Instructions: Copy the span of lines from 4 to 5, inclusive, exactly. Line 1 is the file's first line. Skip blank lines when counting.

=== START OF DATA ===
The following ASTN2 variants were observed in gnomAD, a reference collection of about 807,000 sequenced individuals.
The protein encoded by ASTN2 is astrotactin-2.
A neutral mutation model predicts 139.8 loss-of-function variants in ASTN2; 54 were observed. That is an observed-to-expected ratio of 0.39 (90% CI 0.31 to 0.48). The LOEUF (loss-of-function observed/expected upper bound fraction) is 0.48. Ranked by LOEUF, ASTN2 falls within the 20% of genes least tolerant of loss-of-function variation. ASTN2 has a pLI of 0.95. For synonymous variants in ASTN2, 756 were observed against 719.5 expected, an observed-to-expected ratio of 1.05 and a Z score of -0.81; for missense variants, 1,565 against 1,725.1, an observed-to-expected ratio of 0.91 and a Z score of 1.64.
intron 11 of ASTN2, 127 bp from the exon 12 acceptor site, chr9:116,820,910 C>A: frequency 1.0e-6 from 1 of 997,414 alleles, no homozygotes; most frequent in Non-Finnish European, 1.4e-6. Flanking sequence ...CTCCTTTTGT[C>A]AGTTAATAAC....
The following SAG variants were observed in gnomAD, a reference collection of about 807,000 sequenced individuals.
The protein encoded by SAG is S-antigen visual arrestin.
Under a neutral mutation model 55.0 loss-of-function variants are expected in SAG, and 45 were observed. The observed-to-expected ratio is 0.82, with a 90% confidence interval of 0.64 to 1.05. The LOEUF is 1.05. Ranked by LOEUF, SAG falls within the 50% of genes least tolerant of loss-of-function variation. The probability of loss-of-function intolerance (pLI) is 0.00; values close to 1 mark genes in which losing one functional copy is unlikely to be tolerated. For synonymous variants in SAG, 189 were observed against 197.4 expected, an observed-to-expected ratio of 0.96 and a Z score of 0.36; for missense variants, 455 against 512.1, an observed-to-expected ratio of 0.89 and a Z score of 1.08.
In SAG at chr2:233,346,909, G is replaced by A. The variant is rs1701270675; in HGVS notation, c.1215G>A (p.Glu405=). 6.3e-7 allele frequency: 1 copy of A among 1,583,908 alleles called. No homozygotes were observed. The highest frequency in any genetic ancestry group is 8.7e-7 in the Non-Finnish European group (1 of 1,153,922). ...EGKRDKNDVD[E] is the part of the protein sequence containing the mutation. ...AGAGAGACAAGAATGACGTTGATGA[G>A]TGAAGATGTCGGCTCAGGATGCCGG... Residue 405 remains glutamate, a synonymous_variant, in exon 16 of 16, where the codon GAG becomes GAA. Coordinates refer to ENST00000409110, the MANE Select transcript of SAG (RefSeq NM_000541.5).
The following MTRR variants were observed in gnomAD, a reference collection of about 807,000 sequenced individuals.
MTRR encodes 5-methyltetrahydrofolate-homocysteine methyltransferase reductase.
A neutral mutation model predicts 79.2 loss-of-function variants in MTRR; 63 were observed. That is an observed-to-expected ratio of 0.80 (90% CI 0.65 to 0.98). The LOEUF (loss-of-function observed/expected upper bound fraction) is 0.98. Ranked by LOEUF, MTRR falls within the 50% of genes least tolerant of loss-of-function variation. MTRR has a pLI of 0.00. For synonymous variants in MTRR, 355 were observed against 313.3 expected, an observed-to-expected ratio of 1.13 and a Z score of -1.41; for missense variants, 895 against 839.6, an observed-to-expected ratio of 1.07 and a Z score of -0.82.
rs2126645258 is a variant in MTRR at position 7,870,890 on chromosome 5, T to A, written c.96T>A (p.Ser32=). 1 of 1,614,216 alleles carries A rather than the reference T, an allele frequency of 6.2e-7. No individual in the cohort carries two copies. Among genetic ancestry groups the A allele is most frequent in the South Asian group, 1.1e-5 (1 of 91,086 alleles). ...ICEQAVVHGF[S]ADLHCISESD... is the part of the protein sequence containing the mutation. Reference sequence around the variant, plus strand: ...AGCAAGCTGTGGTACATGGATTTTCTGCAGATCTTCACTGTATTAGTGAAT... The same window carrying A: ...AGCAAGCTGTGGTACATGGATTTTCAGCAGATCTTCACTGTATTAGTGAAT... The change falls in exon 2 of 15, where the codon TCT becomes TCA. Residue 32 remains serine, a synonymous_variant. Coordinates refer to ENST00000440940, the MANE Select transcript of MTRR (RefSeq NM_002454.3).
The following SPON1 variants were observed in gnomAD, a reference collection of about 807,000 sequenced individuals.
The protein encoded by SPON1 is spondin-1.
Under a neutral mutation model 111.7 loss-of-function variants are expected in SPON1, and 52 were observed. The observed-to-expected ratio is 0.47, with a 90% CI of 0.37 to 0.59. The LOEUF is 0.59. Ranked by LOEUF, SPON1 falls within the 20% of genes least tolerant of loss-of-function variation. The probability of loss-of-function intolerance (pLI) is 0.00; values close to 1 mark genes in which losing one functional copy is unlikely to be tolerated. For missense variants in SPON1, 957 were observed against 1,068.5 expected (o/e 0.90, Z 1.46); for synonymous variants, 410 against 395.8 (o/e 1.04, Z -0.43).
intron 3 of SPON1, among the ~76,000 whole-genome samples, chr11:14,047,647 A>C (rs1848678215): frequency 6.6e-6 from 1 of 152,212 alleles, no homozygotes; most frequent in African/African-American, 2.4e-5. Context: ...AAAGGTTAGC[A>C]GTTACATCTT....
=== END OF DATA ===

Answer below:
intron 11 of ASTN2, 127 bp from the exon 12 acceptor site, chr9:116,820,910 C>A: frequency 1.0e-6 from 1 of 997,414 alleles, no homozygotes; most frequent in Non-Finnish European, 1.4e-6. Flanking sequence ...CTCCTTTTGT[C>A]AGTTAATAAC....
The following SAG variants were observed in gnomAD, a reference collection of about 807,000 sequenced individuals.